Not bad, but other options better
The merits of "almost" earning a knockout victory against one of the best fighters in the world can't be underestimated. Being on the receiving end of a boxing lesson and a severe beating for 11½ rounds, only to recover with the strength of a tornado to push a true champion to the verge of defeat, is a true achievement. But a Sergio Martinez-Julio Cesar Chavez Jr. rematch? It's quite a leap from viewing the glass as half full to having reasonable expectations that a rematch could measure up to the excitement and emotion of the first fight.
The mere possibility of another ending as extraordinary as what we witnessed over the last 90 seconds of Saturday's heart-stopper is undeniably intriguing, and many will be waiting for the announcement of a rematch so they can immediately mark it on the calendar. Still, after navigating through months of anticipation -- marked by dozens of grandiose statements from both camps and countless flawed analyses and predictions tainted by patriotism and bad blood -- will a second fight be worth our while? Are we that desperate for another 12 rounds of watching Martinez impose his superior boxing skills with even greater ease, along with the disenchantment of fans who will claim in hindsight that the outcome was inevitable and that boxing is a farce (among the printable derogatory comments).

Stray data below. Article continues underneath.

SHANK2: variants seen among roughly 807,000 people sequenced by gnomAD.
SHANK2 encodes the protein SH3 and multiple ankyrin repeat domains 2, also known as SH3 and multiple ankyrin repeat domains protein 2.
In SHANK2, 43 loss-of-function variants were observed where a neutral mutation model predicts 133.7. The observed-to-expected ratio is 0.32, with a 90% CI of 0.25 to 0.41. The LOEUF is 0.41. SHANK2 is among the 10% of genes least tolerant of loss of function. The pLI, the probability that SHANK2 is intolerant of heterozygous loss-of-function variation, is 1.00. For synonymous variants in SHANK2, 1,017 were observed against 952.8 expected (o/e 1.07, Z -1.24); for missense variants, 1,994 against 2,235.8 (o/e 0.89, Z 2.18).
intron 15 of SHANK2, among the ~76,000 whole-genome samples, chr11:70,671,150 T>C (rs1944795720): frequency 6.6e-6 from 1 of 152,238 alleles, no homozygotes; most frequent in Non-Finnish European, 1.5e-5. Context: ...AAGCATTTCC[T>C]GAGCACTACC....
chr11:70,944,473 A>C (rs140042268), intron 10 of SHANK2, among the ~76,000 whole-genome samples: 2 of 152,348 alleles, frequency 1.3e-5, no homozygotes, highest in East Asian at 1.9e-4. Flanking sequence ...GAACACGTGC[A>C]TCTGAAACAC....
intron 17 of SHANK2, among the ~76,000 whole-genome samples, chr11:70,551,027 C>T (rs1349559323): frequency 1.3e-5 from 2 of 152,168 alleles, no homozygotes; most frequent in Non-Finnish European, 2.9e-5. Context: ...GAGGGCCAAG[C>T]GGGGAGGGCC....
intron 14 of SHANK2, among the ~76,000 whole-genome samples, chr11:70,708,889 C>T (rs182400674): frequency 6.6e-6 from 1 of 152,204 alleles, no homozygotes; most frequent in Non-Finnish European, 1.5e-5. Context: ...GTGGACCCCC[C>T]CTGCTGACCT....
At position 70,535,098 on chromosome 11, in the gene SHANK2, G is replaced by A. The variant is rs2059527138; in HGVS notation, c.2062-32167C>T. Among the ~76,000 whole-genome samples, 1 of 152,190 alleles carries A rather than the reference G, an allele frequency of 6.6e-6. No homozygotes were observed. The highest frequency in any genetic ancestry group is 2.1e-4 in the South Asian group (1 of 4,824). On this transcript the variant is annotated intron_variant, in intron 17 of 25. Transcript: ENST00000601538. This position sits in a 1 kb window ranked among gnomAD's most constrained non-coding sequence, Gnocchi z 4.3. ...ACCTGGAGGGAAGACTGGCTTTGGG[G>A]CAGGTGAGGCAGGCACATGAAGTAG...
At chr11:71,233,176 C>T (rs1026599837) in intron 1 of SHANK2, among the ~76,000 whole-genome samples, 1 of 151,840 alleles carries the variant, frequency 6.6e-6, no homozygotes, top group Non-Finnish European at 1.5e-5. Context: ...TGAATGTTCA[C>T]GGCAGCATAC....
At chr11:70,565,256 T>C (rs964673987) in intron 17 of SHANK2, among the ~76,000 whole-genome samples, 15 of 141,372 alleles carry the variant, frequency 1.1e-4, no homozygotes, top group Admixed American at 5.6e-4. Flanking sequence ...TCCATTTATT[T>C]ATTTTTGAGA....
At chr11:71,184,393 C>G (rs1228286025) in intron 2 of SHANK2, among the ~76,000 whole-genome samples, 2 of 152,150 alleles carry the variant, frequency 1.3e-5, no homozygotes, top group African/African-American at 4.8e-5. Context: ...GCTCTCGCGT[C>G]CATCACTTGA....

Those of us who live and breathe the sport know that there is no crystal ball, and that pugilism is far from farcical. The extensive damage that painted the faces of both fighters after Saturday's bout should be proof enough of that. But the likelihood that Martinez's domination would be repeated, to a somewhat greater or lesser degree, raises the question: Would it be better for boxing, for fans, for Martinez, even for Chavez -- and perhaps for both fighters' bank accounts -- for them to take separate paths and face some of the other top-tier middleweight opponents?
Chavez could move up in weight and start down the tough road that could lead him to super middleweights like Andre Ward, Carl Froch and Kelly Pavlik. Or he could stay at 160 and seek another belt against, in order of difficulty, Gennady Golovkin, Daniel Geale or Dmitry Pirog. A win over one of those titlists would at least give another layer of legitimacy to an eventual rematch with Martinez, should it come together.